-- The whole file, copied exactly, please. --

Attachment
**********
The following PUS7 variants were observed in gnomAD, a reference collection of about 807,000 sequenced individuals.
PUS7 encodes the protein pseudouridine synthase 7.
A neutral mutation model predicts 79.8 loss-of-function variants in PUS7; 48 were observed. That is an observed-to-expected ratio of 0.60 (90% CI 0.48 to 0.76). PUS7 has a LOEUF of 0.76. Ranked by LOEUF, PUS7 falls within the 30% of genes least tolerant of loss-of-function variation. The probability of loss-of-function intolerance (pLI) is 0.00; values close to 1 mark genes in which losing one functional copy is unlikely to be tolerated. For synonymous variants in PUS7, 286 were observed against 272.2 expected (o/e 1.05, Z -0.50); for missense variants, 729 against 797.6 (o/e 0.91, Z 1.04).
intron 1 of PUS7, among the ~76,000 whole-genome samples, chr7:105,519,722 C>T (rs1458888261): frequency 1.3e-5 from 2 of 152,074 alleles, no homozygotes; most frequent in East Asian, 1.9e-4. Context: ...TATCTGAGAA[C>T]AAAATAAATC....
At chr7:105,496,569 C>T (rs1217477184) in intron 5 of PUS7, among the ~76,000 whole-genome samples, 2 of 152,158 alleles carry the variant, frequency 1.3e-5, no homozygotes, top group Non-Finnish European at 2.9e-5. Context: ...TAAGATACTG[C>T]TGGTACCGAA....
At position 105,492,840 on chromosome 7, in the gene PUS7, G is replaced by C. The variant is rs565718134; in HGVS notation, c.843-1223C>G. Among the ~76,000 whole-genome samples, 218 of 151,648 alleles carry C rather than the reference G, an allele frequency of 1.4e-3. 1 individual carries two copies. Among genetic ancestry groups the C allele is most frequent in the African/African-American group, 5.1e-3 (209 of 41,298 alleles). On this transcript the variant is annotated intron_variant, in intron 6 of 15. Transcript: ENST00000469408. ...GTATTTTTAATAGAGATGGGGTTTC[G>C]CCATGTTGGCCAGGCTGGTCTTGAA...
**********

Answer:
The following PUS7 variants were observed in gnomAD, a reference collection of about 807,000 sequenced individuals.
PUS7 encodes the protein pseudouridine synthase 7.
A neutral mutation model predicts 79.8 loss-of-function variants in PUS7; 48 were observed. That is an observed-to-expected ratio of 0.60 (90% CI 0.48 to 0.76). PUS7 has a LOEUF of 0.76. Ranked by LOEUF, PUS7 falls within the 30% of genes least tolerant of loss-of-function variation. The probability of loss-of-function intolerance (pLI) is 0.00; values close to 1 mark genes in which losing one functional copy is unlikely to be tolerated. For synonymous variants in PUS7, 286 were observed against 272.2 expected (o/e 1.05, Z -0.50); for missense variants, 729 against 797.6 (o/e 0.91, Z 1.04).
intron 1 of PUS7, among the ~76,000 whole-genome samples, chr7:105,519,722 C>T (rs1458888261): frequency 1.3e-5 from 2 of 152,074 alleles, no homozygotes; most frequent in East Asian, 1.9e-4. Context: ...TATCTGAGAA[C>T]AAAATAAATC....
At chr7:105,496,569 C>T (rs1217477184) in intron 5 of PUS7, among the ~76,000 whole-genome samples, 2 of 152,158 alleles carry the variant, frequency 1.3e-5, no homozygotes, top group Non-Finnish European at 2.9e-5. Context: ...TAAGATACTG[C>T]TGGTACCGAA....
At position 105,492,840 on chromosome 7, in the gene PUS7, G is replaced by C. The variant is rs565718134; in HGVS notation, c.843-1223C>G. Among the ~76,000 whole-genome samples, 218 of 151,648 alleles carry C rather than the reference G, an allele frequency of 1.4e-3. 1 individual carries two copies. Among genetic ancestry groups the C allele is most frequent in the African/African-American group, 5.1e-3 (209 of 41,298 alleles). On this transcript the variant is annotated intron_variant, in intron 6 of 15. Transcript: ENST00000469408. ...GTATTTTTAATAGAGATGGGGTTTC[G>C]CCATGTTGGCCAGGCTGGTCTTGAA...